By the way, it's easy for a computer to last a long time when you don't create a substantial update to your (unstable, cobbled-together, vulnerable) operating system for like 8 years (yes, I'm talking about M$.) Also, a machine built in 2001 (provided half its components haven't long since failed because it was slapped together in some crappy dell factory) might work with Vista with a little video card upgrade, but what's the processor's clock speed going to be? How about the bus speeds? How big's the hard drive? Good thing you've got the latest OS on there...so you can play ancient games, surf the web, and use instant messengers. You might even be able to use all those cool new features stolen from Apple.
I don't think I really agree with Apple having a reputation of "terrible retro support" Until 10.5 came along, the requirements for new versions of Mac OS X were quite forgiving. Things like built in USB and Firewire aren't exactly hard to achieve, and like others have said, there are ways to work around those requirements. I will say that starting with 10.5, Apple definitely decided to take things to another level by killing off all G3 support and a good chunk of G4 support as well. Now with 10.6 Apple has killed off the rest of the G4 and G5's in one fell swoop. Its a shame because there are lots of great/powerful systems out there that are still VERY usable by todays standards. I would bet there are quite a few G5 systems out there that could smoke a lot of early Intel Macs, and maybe even be on par with some of the more recent ones. In fact, I would rather have one of the last G5 towers than my MacBook Pro. what I think burns a lot of people is the fact that someone who spent $3299 on a quad G5 in August 06 won't be able to run Snow Leopard while the person who spent $599 on a core solo Mini that same time will be able to. That just doesn't add up for me. Its a shame because in every way, that G5 would eat the Mini for lunch, but Apple has decided not to continue support.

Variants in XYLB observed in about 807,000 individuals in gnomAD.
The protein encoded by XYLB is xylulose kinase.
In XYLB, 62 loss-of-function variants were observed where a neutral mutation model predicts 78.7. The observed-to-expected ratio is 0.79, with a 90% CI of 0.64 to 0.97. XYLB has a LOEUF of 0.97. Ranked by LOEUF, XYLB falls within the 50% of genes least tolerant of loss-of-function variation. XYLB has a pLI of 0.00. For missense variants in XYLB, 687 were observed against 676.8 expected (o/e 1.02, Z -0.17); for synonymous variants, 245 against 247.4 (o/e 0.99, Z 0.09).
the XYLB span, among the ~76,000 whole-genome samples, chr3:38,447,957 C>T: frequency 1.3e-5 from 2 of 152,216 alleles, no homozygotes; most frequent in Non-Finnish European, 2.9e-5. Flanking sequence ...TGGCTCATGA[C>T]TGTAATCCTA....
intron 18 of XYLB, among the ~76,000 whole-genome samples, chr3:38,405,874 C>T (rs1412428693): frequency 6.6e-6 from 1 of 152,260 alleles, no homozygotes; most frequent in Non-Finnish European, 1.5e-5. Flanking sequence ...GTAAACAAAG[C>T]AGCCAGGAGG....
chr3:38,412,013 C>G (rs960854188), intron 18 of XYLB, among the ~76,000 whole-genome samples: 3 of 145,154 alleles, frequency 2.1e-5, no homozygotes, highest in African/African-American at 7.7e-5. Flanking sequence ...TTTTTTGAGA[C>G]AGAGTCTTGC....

Just food for thought:
B&W G3: full OS support for 8 years
Powermac G5: At a maximum 6, minimum 2.5 years.
A few things to consider/remember:
1. Computers are not an investment. Do not expect a long useful life out of them. The average length of time between buying new computers is about 3 years.
2. If Apple were to keep PPC support, they'd have to build at least 3 versions of OS X -- PPC, Intel x86 and Intel x64. I'm sure it's been a PITA enough for Apple to have had to maintain the PPC and Intel x32 versions for the past few years.
3. Apple doesn't make money off of software (not the Mac OS, at least) -- they make it by selling hardware. If they kept making OS releases that supported old hardware, they'd be cutting down their revenue stream. Comparing Apple's hardware support to Microsoft's doesn't work, as Microsoft actually does make its money from software -- they don't care what hardware you have since they don't sell any.
Snarky comments aside, I actually do believe that phasing out PowerPC support ASAP is the "right" thing from a business perspective for Apple to do. It is just something of an amusing poke in the eye to anyone that actually still believed the old myth of Macs somehow being immortal compared to their PC brethren.
You're certainly right that computers are *not* an investment. The idea of Macs being immortal is for a large part an artifact of the investment-level prices Apple has a reputation for charging for them. (The premium isn't so harsh anymore when comparing *directly comparable* machines, but with entry-level PC notebooks easily had for $500 and less while the cheapest Mac notebook is an even grand it's easy to see why the "Macs = Expensive" stigma lingers.) Macs last "forever" not because the electronics are any better but because someone that spends $2000+ for something is going to be a lot more attached to it then the guy who buys nothing but $799 Fry's/CompUSA/Dell/whatever specials every three years. Maybe having MacOS instead of whatever Windows flavor-of-the-day that's getting slapped on those cheap boxes is worth the price premium, but that still doesn't cushion the blow much when the realization dawns that in the final analysis the object you paid $2000 for is "disposable" on roughly the same timescale as your neighbor's $800 one.